First launched in 2009, the Fargo is Salsa’s longest running bike model and a cult classic in the bikepacking world. It’s especially beloved for long distance travel on mixed terrain due to its versatility. The Fargo excels on dirt and gravel roads, including rough and chunky ones, and rides surprisingly well on pavement and smooth singletrack too.
The Fargo is available as a complete build (currently the Apex 1), as well as a steel frameset and titanium frameset. The build spec aims for dependability and value.
From Salsa: “Fargo Apex 1 is Salsa’s drop-bar off-road touring bike built to shatter limits. Ride it on singletrack, gravel, or other places you wouldn’t take your standard touring bike.”
The Fargo is ideal for:
- Low-stress long-haul bikepacking
- International touring with off-pavement focus
- Spicing up your favorite MTB trails
- Saving money to spend on your next bike travel adventure
The Cutthroat is Salsa’s gravel bike / mountain bike mashup designed specifically for ultra-distance bikepack racing on mixed terrain routes like the Tour Divide. While it’s won more than a few races, it’s also carried many more leisurely riders on bikepacking trips both short and long.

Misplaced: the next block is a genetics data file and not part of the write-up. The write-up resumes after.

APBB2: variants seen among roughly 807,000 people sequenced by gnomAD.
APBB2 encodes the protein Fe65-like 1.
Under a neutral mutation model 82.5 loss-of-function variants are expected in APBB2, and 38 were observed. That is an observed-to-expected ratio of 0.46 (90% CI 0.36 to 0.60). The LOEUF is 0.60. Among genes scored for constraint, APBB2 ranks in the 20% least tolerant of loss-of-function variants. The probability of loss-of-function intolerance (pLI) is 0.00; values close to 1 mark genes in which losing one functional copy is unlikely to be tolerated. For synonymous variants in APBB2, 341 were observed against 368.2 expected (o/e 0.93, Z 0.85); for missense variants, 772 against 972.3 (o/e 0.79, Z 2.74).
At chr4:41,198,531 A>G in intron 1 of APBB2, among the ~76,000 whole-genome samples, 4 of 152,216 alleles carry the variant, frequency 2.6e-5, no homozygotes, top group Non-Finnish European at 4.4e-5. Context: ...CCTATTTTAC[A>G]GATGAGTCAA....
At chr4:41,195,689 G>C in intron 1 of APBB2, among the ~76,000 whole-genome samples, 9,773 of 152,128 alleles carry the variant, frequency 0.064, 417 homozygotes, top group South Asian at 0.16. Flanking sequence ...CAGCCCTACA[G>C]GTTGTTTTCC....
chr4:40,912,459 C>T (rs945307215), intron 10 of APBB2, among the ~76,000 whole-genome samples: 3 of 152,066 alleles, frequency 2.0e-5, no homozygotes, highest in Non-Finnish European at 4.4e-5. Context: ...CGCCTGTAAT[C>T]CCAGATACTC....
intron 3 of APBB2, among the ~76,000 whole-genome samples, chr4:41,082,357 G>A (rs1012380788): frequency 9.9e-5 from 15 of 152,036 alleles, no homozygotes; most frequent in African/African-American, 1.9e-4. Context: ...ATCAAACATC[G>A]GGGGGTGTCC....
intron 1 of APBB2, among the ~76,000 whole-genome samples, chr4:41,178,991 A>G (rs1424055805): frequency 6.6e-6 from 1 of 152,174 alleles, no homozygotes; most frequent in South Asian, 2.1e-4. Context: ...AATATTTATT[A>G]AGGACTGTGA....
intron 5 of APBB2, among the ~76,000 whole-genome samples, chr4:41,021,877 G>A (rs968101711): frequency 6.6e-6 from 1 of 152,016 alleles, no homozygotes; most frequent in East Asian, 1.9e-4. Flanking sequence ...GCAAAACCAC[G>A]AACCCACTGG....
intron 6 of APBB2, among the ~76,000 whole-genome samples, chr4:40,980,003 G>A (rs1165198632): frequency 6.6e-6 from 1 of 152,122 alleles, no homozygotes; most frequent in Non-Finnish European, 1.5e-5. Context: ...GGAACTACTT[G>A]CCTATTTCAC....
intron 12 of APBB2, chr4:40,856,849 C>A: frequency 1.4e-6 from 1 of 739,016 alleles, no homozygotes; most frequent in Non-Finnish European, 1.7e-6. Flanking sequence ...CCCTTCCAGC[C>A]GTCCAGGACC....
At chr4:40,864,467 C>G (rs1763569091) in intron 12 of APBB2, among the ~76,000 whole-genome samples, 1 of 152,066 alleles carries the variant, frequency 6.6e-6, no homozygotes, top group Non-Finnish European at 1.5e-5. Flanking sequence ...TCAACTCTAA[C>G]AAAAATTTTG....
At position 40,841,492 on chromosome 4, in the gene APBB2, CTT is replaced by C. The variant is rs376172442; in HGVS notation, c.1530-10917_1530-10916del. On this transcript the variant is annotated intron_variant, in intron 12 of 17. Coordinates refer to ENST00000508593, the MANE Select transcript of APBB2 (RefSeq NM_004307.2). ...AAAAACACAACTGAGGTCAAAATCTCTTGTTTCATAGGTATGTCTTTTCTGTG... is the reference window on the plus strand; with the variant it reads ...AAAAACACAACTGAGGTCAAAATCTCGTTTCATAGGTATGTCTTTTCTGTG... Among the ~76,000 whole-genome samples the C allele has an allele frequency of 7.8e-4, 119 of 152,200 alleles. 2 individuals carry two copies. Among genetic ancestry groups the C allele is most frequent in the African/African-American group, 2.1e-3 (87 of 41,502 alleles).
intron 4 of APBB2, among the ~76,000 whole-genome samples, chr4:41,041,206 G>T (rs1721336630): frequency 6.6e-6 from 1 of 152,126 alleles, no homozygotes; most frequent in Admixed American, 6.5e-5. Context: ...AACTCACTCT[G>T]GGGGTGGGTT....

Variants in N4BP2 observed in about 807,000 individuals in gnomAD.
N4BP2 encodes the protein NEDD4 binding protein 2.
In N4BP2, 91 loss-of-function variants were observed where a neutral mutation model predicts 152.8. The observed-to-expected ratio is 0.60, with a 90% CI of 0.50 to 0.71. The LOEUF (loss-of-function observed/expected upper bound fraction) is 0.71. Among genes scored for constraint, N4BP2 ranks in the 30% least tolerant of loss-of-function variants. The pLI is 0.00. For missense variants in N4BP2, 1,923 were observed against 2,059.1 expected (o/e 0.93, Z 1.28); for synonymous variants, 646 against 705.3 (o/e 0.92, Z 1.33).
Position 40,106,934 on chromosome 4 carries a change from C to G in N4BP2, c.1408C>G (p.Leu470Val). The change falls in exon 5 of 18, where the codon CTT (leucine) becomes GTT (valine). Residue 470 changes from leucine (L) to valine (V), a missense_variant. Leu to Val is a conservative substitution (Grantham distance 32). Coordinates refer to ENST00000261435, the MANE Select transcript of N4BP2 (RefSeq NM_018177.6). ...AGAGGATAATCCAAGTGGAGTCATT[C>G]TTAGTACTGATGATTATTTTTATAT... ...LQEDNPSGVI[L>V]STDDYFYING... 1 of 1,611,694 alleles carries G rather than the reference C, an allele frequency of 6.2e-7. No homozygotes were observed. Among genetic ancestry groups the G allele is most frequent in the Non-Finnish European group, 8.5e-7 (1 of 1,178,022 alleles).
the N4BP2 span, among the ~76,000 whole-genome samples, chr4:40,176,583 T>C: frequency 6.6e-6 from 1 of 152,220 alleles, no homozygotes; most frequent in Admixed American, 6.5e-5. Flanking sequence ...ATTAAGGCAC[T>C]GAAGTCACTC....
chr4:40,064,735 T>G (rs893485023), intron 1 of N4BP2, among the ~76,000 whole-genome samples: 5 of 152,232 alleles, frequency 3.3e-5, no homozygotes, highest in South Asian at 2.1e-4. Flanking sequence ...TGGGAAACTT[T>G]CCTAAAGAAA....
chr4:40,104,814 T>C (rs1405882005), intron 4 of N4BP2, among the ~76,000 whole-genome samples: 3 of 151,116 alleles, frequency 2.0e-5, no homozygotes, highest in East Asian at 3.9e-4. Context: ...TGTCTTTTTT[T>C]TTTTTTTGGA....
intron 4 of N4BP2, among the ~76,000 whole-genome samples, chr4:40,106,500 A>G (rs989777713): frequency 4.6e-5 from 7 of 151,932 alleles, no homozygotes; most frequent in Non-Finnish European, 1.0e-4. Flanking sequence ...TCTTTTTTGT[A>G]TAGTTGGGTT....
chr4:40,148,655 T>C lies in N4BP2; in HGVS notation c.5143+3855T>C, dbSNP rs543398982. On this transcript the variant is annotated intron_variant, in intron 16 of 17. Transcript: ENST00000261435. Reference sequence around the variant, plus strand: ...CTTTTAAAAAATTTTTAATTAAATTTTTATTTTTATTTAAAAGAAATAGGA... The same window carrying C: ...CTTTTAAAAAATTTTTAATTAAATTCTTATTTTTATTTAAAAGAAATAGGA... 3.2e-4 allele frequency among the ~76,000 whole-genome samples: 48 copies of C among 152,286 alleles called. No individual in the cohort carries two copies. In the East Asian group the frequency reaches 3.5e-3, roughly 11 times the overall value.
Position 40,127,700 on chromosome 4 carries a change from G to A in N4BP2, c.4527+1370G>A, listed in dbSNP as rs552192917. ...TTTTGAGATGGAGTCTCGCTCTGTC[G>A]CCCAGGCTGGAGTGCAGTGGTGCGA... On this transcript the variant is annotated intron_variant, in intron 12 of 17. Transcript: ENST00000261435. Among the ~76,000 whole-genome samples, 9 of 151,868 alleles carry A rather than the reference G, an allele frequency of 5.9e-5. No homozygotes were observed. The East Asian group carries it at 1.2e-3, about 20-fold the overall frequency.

The Cutthroat is available as a carbon frameset or several complete builds at a range of price points. The most affordable model (C GRX 600 1X) aims to balance value and performance, while the most expensive model (C X01 Eagle AXS) goes all-out with all the bells and whistles. There’s also a 2X drivetrain model, for those interested.
From Salsa: “Cutthroat is Salsa’s ultra-endurance mixed surface bike inspired by the Tour Divide. It’s designed and built to cover long distances with speed and comfort.”
Cutthroat models and framesets:
- C GRX 600 1x – $3599
- C GRX 810 2x – $4699
- C GX Eagle AXS – $5699
- C X01 Eagle AXS – $8399
- Frameset – $2599
The Cutthroat is ideal for:
- Competitive bikepack racing
- Fast-and-light bikepacking